Theoretical Ecology

, Volume 8, Issue 1, pp 1–13 | Cite as

A generalized perturbation approach for exploring stock recruitment relationships

  • Justin D. Yeakel
  • Marc Mangel


Models of stock-recruitment relationships (SRRs) are often used to predict fish population dynamics. Commonly used SRRs include the Ricker, Beverton-Holt, and Cushing functional forms, which differ primarily by the degree of density-dependent effects (compensation). The degree of compensation determines whether recruitment respectively decreases, saturates, or increases at high levels of spawning stock biomass. In 1982, J.G. Shepherd united these dynamics into a single model, where the degree of compensation is determined by a single parameter. However, the difficulty in relating this parameter to biological data has limited its usefulness. Here, we use a generalized modeling framework to show that the degree of compensation can be related directly to the functional elasticity of growth, which is a general quantity that measures the change in recruitment relative to a change in biomass. We show that the elasticity of growth can be calculated from perturbations in fish biomass, is robust to observation error, and can be used to determine general attributes of the SRR in both continuous time production models, as well as discrete time age-structured models.


Compensatory dynamics Generalized modeling Stock-recruitment relationships Shepherd function Neimark-Sacker bifurcation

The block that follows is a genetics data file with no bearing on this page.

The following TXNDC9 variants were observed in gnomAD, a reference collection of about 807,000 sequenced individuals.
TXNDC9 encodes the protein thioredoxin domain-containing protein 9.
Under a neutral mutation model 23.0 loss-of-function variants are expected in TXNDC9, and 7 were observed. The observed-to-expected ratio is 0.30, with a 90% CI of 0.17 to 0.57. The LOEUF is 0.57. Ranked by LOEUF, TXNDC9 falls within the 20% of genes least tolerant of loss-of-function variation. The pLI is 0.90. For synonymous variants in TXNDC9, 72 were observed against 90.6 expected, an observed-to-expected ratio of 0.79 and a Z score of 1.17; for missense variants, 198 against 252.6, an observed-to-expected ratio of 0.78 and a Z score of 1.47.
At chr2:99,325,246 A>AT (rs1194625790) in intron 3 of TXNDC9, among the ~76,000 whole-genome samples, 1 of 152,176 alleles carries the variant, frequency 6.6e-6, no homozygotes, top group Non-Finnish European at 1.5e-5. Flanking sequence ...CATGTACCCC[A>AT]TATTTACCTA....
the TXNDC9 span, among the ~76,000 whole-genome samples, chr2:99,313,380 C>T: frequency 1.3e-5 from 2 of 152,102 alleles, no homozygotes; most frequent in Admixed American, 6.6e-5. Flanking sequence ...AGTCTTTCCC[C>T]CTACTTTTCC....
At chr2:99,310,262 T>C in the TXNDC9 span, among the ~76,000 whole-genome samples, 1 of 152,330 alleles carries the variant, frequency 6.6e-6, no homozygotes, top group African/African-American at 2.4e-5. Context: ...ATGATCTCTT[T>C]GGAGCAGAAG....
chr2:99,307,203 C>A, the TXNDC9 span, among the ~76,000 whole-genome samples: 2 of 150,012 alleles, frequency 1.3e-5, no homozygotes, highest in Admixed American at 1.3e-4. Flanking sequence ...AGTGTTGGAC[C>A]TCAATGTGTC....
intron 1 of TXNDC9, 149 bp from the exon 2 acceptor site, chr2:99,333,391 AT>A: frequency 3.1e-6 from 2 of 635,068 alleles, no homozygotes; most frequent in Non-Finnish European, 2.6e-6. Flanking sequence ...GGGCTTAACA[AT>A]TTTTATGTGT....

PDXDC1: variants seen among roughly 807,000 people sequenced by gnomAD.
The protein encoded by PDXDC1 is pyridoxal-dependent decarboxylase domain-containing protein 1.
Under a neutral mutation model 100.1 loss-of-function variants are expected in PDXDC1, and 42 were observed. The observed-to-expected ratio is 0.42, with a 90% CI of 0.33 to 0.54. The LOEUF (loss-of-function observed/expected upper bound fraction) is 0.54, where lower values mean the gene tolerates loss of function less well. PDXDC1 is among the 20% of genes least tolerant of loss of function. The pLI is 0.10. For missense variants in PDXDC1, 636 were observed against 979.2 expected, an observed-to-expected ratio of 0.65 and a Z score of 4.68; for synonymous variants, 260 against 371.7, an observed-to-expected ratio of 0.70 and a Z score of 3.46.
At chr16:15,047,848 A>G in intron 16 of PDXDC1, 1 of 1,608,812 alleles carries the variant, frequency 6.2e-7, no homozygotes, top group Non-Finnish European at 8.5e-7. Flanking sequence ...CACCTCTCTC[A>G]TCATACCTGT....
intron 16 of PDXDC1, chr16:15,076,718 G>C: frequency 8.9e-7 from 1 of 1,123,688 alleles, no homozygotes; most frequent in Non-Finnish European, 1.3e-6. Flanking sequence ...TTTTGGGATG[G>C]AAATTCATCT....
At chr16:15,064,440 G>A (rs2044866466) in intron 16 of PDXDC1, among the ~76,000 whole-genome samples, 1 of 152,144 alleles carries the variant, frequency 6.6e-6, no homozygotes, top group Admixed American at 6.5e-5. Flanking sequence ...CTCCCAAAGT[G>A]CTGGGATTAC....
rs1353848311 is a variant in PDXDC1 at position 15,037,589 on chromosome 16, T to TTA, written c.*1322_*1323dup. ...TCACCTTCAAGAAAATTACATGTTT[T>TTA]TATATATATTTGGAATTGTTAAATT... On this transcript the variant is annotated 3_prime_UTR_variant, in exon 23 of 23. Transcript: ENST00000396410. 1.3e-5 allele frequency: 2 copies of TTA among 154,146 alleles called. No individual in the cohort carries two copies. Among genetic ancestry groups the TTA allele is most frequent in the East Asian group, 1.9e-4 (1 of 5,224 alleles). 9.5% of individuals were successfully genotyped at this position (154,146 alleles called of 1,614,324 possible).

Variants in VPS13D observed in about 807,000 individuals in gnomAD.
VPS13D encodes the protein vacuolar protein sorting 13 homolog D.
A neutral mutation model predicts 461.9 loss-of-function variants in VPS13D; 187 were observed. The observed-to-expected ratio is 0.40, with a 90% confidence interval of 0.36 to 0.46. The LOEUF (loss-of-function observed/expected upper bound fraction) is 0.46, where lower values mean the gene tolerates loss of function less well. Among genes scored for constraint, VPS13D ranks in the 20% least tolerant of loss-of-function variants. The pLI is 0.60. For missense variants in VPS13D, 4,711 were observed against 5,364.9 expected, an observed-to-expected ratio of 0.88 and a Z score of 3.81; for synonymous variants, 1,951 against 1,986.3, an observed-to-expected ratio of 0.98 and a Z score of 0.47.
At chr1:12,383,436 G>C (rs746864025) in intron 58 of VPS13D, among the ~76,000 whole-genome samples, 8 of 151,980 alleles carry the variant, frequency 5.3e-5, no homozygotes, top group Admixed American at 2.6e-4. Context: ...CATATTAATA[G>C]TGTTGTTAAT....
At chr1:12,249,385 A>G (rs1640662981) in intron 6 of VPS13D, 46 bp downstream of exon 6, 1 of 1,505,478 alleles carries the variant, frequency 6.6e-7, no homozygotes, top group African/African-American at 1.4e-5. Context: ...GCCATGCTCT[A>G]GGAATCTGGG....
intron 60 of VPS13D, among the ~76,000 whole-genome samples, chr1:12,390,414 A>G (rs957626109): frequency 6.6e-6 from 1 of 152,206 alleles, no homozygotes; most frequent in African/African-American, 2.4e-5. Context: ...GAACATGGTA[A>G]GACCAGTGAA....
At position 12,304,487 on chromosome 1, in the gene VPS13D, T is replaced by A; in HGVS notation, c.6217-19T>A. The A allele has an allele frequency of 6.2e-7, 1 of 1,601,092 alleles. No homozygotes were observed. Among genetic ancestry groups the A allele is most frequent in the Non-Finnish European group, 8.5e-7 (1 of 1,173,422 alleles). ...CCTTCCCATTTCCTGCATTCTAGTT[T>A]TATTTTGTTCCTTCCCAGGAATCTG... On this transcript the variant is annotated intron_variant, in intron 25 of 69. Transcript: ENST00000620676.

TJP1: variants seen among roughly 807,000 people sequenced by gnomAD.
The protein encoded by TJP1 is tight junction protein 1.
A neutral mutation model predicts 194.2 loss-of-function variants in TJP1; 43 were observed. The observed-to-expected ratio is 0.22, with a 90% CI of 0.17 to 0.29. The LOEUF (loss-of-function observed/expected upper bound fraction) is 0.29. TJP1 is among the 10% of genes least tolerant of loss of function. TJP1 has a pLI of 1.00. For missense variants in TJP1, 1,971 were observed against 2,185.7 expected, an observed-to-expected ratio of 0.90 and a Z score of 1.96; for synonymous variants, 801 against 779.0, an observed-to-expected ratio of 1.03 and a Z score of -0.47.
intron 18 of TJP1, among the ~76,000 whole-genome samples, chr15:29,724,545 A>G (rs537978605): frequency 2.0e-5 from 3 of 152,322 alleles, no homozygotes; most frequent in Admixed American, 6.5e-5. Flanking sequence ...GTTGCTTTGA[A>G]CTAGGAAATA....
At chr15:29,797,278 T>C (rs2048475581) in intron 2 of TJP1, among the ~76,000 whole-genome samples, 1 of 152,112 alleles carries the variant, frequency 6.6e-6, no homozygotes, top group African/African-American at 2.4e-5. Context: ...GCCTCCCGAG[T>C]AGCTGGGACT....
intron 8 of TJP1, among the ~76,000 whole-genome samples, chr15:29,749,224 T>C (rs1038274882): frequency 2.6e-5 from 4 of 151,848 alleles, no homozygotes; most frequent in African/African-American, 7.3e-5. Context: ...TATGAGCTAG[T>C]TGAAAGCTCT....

We thank S. Allesina, M.P. Beakes, D. Braun, T. Gross, C. Kuehn, T. Levi, A. MacCall, J.W. Moore, S. Munch, M. Novak, C.C. Phillis, and A.O. Shelton for many helpful discussions and comments. We also thank the Dynamics of Biological Networks Lab at the Max-Planck Institute for the Physics of Complex Systems and the University of Bristol for sharing the ideas and knowledge that inspired this work. This project was partially funded by the Center for Stock Assessment and Research, a partnership between the Fisheries Ecology Division, NOAA Fisheries, Santa Cruz, CA and the University of California, Santa Cruz and by NSF grant EF-0924195 to M.M.


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Copyright information

© Springer Science+Business Media Dordrecht 2014

Authors and Affiliations

  1. 1.Center for Stock Assessment Research and Department of Ecology and Evolutionary BiologyUniversity of California Santa CruzSanta CruzUSA
  2. 2.Santa Fe InstituteSanta FeUSA
  3. 3.Center for Stock Assessment Research and Department of Applied Mathematics and StatisticsUniversity of California Santa CruzSanta CruzUSA
  4. 4.Department of BiologyUniversity of BergenBergenNorway

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